2nd & Charles: Sell what you don’t want; buy what you do

Desmond Miller, store manager, discusses the Harry Potter display with Sophie Martin, store associate, at their Newport News location. (Photo by Cathy Welch)

I don’t like the word ‘secondhand,’” says Desmond Miller, general manager of 2nd & Charles, a unique store specializing in the resale of books, video games, vinyl records and collectables. The store’s name does refer to repurposing, as in second wind, second chance or second life. The “Charles” refers to Charles Anderson, son of the founder of Books-a-Million, Inc., which owns 2nd & Charles.

The quality of the store’s items makes the term “used” seem inappropriate. There are so many new items available. 2nd & Charles accepts merchandise from “people with exceptional taste.” The customer can explore the store while waiting for his items to be evaluated. Or, the value can be sent by email or text. Purchases can be made with this store credit or it can be a cash transaction. “We do have standards for acceptable items,” says Miller. “We also consider our current stock and resale possibilities.”

Books, comics, CDs, DVDs, board games, toys, musical instruments, video games, electronics, etc. are accepted. Not accepted are PC games, VHS tapes, phones and damaged items. A survey of the store shows an extensive selection of vinyl records. “Surprisingly, they are making a comeback,” says Miller. Board games are also popular. “They have changed some — more complex and engaging,” Miller adds.

The website says that 2nd & Charles is a place to “buy and sell, discover, play, trade and find adventure.” Its slogan is “sell what you don’t want; buy what you do.”

2nd & Charles began in 2010. The first store was in Hoover, Alabama. Currently, headquarters is located in Birmingham, Alabama. 2nd & Charles is in 16 states; there are five stores in Virginia. “We do not do a lot of advertising,” says Miller. “We rely on word-of-mouth and we have a presence on social media. We encourage feedback.” The company participates in GenCon, a “huge” convention which showcases games and is held every year in Indianapolis.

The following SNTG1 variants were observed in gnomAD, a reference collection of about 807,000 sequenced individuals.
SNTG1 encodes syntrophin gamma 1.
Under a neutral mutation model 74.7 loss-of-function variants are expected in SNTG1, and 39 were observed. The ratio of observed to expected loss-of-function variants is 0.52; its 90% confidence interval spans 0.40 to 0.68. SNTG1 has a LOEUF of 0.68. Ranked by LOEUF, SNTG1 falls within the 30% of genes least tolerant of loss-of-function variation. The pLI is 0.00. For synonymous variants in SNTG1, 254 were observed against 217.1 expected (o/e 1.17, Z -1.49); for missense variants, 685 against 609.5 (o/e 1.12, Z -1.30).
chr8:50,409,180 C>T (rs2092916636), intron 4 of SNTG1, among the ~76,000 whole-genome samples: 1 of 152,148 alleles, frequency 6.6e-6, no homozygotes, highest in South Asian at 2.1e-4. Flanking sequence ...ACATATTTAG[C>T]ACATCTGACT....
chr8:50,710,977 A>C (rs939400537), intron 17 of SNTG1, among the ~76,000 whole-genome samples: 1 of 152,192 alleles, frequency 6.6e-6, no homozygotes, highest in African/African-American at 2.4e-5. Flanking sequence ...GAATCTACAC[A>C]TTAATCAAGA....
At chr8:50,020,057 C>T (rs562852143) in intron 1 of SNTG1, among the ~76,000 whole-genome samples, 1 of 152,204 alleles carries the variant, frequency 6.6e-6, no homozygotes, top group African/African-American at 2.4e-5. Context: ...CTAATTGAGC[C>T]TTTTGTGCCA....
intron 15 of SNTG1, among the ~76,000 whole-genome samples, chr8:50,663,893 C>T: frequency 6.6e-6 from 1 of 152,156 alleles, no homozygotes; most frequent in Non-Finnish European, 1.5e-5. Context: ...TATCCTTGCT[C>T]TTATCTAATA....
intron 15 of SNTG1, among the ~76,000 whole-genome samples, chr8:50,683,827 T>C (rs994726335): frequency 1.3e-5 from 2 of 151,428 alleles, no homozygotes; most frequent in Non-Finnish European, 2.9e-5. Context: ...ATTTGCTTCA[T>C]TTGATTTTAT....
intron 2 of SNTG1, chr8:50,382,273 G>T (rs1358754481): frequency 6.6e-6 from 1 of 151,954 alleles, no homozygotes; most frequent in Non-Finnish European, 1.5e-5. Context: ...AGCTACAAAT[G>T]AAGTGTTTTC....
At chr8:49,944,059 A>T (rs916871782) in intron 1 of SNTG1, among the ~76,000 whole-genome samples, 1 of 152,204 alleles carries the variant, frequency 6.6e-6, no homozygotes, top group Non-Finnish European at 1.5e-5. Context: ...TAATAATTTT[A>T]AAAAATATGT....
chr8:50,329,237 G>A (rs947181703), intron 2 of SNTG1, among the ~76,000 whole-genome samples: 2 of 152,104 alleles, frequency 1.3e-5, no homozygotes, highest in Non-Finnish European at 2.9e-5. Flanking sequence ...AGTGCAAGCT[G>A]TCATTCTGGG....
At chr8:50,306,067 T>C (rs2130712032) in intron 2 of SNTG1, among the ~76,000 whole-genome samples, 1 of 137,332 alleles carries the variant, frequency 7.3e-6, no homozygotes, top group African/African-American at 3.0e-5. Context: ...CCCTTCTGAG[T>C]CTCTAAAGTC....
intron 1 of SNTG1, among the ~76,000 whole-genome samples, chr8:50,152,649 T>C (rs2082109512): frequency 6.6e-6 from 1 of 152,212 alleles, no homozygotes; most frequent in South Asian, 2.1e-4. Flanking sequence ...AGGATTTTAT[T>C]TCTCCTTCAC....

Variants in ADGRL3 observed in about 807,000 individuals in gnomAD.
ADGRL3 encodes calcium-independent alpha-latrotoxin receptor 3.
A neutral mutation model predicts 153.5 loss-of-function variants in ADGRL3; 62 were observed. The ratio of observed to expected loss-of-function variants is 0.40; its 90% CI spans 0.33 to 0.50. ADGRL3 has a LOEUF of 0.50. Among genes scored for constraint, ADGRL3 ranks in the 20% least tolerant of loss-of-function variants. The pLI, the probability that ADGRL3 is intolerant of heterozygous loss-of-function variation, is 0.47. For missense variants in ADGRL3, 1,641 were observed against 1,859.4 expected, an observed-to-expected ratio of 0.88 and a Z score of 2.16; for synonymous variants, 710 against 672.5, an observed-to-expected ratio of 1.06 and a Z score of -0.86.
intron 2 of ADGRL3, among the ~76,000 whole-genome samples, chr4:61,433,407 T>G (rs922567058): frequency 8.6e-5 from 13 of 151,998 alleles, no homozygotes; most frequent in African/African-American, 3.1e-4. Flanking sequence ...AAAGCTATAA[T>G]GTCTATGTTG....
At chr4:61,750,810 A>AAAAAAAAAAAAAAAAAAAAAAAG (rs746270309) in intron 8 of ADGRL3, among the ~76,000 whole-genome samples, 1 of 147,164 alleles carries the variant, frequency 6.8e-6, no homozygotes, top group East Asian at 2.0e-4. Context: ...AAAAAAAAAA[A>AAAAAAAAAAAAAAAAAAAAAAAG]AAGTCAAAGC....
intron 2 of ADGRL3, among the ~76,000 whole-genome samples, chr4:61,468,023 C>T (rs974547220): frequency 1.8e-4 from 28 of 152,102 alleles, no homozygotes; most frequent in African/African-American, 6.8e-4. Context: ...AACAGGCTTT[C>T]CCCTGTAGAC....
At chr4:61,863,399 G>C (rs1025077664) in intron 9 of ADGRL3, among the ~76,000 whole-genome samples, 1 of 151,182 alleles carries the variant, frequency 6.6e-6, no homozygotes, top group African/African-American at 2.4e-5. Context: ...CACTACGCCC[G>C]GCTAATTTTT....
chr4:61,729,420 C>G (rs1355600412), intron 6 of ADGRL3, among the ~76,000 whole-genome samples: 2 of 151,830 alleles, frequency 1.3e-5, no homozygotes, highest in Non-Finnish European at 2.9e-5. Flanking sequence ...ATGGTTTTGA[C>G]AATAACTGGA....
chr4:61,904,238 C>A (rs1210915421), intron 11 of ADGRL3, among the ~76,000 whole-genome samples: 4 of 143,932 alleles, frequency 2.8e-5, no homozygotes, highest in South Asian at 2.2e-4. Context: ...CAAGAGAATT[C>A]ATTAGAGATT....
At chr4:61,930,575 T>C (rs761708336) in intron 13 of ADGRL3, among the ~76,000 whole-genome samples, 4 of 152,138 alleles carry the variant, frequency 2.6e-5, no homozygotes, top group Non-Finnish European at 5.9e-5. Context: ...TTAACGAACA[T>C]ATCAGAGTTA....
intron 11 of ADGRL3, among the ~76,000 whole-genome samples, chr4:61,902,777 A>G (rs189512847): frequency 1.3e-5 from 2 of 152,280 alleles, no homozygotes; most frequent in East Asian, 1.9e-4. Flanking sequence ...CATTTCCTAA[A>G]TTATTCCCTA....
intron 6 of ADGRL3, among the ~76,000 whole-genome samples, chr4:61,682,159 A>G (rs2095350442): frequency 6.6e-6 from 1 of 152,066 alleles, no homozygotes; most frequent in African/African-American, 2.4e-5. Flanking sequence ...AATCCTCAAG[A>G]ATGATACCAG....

“We are filling the gap left by closing book stores,” says Miller. “For example, we have a large Christian book section. In some ways we are like a traditional book store, since we do buy new releases.”

To promote the store, Miller schedules events throughout the year. Many are especially for children. They feature themed activities, games and story time. “I like the family approach that the company promotes,” says Miller.

The Denbigh store, which has approximately 30,000 square feet, opened three years ago. Miller has been manager since November 2019. He has been in retail his entire career. “I was born in New Jersey and came to Virginia when I was 16,” he says. He graduated from high school in Virginia Beach and from Penn State in State College, Pennsylvania. While in college he worked for The Gap. “I continued there after graduation. I liked it and kept moving up. I became a trainer, which I especially enjoyed.”

Miller moved around, spending some time in Atlanta. Then he returned to Virginia. “I got restless,” he says with a smile. “But I don’t want to move any more. I hope to have my own store some day.” Miller works long hours. “There is not much time for hobbies,” he says. He does enjoy playing Dungeons and Dragons. “Yes, it is still popular,” he says. “I like the cooperative/competitive aspects,” I’m not really an outdoor guy.”

Miller looks forward to achieving his goals. He especially enjoys coaching employees and developing talent. “The store is like a family. It’s a happy place,” he adds.

2nd & Charles
Address: 12747 Jefferson Ave.,
Newport News VA 23602
Contact: Desmond Miller, general manager
Phone: 757-874-2618
Email: mgr2130@2ndandcharles.com
Website: www.2ndandcharles.com
Business: New and resale merchandise

About Nancy P. Sykes 87 Articles
Nancy was a devoted writer and friend of Oyster Pointer for more than 25 years. She wrote more than 250 features during those years. She always said she met some fascinating people during her many interviews. Her sparkling personality and joyful conversations could be felt in her writing. Nancy will be greatly missed by all who knew her, especially her Oyster Pointer family.

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